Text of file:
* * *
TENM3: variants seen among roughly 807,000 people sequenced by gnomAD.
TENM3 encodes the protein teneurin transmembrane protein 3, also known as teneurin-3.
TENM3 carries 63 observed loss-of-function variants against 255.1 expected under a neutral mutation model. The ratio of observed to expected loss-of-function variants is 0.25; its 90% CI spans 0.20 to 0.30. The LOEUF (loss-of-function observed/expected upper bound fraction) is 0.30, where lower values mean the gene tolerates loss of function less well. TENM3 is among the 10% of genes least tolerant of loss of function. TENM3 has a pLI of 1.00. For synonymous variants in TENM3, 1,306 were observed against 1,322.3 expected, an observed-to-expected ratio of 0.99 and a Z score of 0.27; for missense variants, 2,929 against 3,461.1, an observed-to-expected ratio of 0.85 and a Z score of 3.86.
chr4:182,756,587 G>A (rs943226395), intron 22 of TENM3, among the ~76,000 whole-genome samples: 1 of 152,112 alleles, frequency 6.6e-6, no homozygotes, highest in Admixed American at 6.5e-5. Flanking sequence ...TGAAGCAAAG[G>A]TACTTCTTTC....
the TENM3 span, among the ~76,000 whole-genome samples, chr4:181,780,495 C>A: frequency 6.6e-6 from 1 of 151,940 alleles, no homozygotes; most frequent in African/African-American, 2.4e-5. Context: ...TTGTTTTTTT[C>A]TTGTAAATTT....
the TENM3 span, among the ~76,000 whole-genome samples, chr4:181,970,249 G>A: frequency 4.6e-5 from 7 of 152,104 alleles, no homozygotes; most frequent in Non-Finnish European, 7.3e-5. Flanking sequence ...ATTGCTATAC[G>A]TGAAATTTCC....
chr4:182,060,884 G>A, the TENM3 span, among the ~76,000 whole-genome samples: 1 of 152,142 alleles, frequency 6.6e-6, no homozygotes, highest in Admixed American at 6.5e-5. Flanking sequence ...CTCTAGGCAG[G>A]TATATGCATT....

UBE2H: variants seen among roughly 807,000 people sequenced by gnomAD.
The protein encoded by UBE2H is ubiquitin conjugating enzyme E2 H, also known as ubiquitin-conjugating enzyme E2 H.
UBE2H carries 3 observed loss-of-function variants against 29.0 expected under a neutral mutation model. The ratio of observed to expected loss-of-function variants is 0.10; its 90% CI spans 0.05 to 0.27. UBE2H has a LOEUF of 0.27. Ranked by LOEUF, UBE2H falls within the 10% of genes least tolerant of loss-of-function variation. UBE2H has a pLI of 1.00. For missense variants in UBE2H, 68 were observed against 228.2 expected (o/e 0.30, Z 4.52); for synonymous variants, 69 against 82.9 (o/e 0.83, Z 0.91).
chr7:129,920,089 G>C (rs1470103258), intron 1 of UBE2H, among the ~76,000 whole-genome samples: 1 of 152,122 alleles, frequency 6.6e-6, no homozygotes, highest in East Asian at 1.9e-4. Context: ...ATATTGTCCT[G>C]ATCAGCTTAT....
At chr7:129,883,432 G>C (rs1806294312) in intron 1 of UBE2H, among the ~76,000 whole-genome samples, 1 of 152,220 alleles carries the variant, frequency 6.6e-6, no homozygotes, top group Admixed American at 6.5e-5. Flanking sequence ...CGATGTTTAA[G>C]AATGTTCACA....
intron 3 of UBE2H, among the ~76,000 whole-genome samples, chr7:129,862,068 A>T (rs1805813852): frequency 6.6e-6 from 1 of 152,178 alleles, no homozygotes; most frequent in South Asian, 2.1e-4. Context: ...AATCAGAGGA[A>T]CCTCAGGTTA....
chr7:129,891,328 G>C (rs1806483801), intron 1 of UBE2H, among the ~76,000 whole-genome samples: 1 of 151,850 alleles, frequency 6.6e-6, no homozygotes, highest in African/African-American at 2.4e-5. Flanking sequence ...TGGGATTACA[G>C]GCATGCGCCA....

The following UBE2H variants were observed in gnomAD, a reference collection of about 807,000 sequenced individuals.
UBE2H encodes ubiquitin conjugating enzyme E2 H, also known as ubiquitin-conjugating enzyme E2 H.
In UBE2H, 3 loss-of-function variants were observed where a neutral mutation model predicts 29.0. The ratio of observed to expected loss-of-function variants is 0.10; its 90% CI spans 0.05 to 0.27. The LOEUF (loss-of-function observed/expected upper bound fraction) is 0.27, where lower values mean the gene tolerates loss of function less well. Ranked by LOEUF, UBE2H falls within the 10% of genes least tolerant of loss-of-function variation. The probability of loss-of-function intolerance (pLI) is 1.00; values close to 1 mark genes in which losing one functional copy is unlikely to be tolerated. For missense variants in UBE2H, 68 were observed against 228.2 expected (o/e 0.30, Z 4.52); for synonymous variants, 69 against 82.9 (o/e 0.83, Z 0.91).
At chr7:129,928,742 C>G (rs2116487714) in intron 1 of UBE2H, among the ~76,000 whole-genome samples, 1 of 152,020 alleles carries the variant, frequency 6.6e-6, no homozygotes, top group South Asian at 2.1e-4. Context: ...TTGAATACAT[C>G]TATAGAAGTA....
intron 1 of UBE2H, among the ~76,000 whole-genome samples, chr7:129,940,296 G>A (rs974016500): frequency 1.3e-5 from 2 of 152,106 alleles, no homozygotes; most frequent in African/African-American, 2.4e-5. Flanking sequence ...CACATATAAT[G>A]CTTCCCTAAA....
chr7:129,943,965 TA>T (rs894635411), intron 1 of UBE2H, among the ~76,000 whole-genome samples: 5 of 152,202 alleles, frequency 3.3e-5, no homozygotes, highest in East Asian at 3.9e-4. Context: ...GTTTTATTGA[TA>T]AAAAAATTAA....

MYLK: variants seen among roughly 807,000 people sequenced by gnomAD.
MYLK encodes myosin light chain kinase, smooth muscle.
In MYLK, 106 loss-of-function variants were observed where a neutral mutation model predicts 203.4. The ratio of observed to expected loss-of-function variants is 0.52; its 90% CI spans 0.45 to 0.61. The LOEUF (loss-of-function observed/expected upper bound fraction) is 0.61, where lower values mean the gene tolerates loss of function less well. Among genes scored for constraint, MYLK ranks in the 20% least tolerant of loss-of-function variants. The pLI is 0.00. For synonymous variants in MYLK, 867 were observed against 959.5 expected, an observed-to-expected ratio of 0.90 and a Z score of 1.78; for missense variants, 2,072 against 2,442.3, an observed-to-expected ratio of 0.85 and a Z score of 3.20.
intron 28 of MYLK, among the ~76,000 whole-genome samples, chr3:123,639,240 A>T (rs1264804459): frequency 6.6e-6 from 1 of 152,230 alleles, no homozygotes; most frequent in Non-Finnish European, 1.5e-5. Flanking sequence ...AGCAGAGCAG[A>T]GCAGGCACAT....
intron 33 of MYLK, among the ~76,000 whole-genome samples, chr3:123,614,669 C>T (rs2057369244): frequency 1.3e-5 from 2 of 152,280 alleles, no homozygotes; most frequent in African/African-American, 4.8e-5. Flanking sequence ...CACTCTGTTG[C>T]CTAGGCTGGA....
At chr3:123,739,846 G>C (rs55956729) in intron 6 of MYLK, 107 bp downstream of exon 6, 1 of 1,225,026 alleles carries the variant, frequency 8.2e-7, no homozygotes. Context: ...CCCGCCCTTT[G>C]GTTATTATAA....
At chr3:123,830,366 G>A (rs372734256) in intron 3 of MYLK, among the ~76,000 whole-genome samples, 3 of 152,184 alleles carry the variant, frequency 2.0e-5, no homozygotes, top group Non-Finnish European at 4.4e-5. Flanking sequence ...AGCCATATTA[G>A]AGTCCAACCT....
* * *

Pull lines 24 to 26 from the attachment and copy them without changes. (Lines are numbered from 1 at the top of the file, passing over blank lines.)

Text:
intron 28 of MYLK, among the ~76,000 whole-genome samples, chr3:123,639,240 A>T (rs1264804459): frequency 6.6e-6 from 1 of 152,230 alleles, no homozygotes; most frequent in Non-Finnish European, 1.5e-5. Flanking sequence ...AGCAGAGCAG[A>T]GCAGGCACAT....
intron 33 of MYLK, among the ~76,000 whole-genome samples, chr3:123,614,669 C>T (rs2057369244): frequency 1.3e-5 from 2 of 152,280 alleles, no homozygotes; most frequent in African/African-American, 4.8e-5. Flanking sequence ...CACTCTGTTG[C>T]CTAGGCTGGA....
At chr3:123,739,846 G>C (rs55956729) in intron 6 of MYLK, 107 bp downstream of exon 6, 1 of 1,225,026 alleles carries the variant, frequency 8.2e-7, no homozygotes. Context: ...CCCGCCCTTT[G>C]GTTATTATAA....